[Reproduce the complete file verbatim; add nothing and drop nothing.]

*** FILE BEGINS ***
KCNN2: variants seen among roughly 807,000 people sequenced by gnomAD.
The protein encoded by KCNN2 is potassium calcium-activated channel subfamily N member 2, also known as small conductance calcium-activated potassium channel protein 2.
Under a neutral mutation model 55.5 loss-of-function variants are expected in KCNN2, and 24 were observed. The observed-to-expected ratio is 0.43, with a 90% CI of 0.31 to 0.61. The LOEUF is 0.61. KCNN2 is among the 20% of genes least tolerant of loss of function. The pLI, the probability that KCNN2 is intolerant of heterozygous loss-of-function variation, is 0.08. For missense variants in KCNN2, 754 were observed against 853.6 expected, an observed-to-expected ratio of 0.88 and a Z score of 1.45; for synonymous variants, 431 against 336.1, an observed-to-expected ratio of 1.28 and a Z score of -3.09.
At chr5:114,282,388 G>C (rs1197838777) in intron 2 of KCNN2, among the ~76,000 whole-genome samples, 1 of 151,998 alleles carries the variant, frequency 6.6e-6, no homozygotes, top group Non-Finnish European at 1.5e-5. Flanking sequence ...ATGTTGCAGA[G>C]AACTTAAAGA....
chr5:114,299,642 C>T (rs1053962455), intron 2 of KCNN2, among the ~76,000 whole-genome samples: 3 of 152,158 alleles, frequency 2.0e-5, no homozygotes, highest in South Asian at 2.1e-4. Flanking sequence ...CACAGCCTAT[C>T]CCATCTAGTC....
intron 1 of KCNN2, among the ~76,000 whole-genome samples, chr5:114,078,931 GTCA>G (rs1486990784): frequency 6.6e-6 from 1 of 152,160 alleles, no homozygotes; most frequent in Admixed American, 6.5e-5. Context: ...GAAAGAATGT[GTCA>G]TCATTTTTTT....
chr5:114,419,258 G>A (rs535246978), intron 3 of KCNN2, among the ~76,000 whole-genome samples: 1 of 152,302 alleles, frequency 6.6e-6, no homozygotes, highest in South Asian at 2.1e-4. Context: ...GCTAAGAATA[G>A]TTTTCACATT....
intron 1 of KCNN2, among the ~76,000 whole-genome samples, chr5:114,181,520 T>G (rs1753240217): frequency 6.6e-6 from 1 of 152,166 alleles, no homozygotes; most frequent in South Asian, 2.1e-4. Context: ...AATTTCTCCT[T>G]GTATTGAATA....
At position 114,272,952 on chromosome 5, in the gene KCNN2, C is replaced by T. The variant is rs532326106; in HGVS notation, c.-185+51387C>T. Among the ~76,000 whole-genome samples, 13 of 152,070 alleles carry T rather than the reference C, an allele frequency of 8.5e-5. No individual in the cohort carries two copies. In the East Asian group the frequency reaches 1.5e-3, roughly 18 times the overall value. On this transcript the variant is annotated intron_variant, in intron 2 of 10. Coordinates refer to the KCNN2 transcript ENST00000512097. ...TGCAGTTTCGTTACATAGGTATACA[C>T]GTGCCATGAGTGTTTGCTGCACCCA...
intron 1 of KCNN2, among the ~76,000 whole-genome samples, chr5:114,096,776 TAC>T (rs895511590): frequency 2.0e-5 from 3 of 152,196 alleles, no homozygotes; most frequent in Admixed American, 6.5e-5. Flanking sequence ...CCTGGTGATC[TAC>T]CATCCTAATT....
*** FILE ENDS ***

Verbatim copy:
KCNN2: variants seen among roughly 807,000 people sequenced by gnomAD.
The protein encoded by KCNN2 is potassium calcium-activated channel subfamily N member 2, also known as small conductance calcium-activated potassium channel protein 2.
Under a neutral mutation model 55.5 loss-of-function variants are expected in KCNN2, and 24 were observed. The observed-to-expected ratio is 0.43, with a 90% CI of 0.31 to 0.61. The LOEUF is 0.61. KCNN2 is among the 20% of genes least tolerant of loss of function. The pLI, the probability that KCNN2 is intolerant of heterozygous loss-of-function variation, is 0.08. For missense variants in KCNN2, 754 were observed against 853.6 expected, an observed-to-expected ratio of 0.88 and a Z score of 1.45; for synonymous variants, 431 against 336.1, an observed-to-expected ratio of 1.28 and a Z score of -3.09.
At chr5:114,282,388 G>C (rs1197838777) in intron 2 of KCNN2, among the ~76,000 whole-genome samples, 1 of 151,998 alleles carries the variant, frequency 6.6e-6, no homozygotes, top group Non-Finnish European at 1.5e-5. Flanking sequence ...ATGTTGCAGA[G>C]AACTTAAAGA....
chr5:114,299,642 C>T (rs1053962455), intron 2 of KCNN2, among the ~76,000 whole-genome samples: 3 of 152,158 alleles, frequency 2.0e-5, no homozygotes, highest in South Asian at 2.1e-4. Flanking sequence ...CACAGCCTAT[C>T]CCATCTAGTC....
intron 1 of KCNN2, among the ~76,000 whole-genome samples, chr5:114,078,931 GTCA>G (rs1486990784): frequency 6.6e-6 from 1 of 152,160 alleles, no homozygotes; most frequent in Admixed American, 6.5e-5. Context: ...GAAAGAATGT[GTCA>G]TCATTTTTTT....
chr5:114,419,258 G>A (rs535246978), intron 3 of KCNN2, among the ~76,000 whole-genome samples: 1 of 152,302 alleles, frequency 6.6e-6, no homozygotes, highest in South Asian at 2.1e-4. Context: ...GCTAAGAATA[G>A]TTTTCACATT....
intron 1 of KCNN2, among the ~76,000 whole-genome samples, chr5:114,181,520 T>G (rs1753240217): frequency 6.6e-6 from 1 of 152,166 alleles, no homozygotes; most frequent in South Asian, 2.1e-4. Context: ...AATTTCTCCT[T>G]GTATTGAATA....
At position 114,272,952 on chromosome 5, in the gene KCNN2, C is replaced by T. The variant is rs532326106; in HGVS notation, c.-185+51387C>T. Among the ~76,000 whole-genome samples, 13 of 152,070 alleles carry T rather than the reference C, an allele frequency of 8.5e-5. No individual in the cohort carries two copies. In the East Asian group the frequency reaches 1.5e-3, roughly 18 times the overall value. On this transcript the variant is annotated intron_variant, in intron 2 of 10. Coordinates refer to the KCNN2 transcript ENST00000512097. ...TGCAGTTTCGTTACATAGGTATACA[C>T]GTGCCATGAGTGTTTGCTGCACCCA...
intron 1 of KCNN2, among the ~76,000 whole-genome samples, chr5:114,096,776 TAC>T (rs895511590): frequency 2.0e-5 from 3 of 152,196 alleles, no homozygotes; most frequent in Admixed American, 6.5e-5. Flanking sequence ...CCTGGTGATC[TAC>T]CATCCTAATT....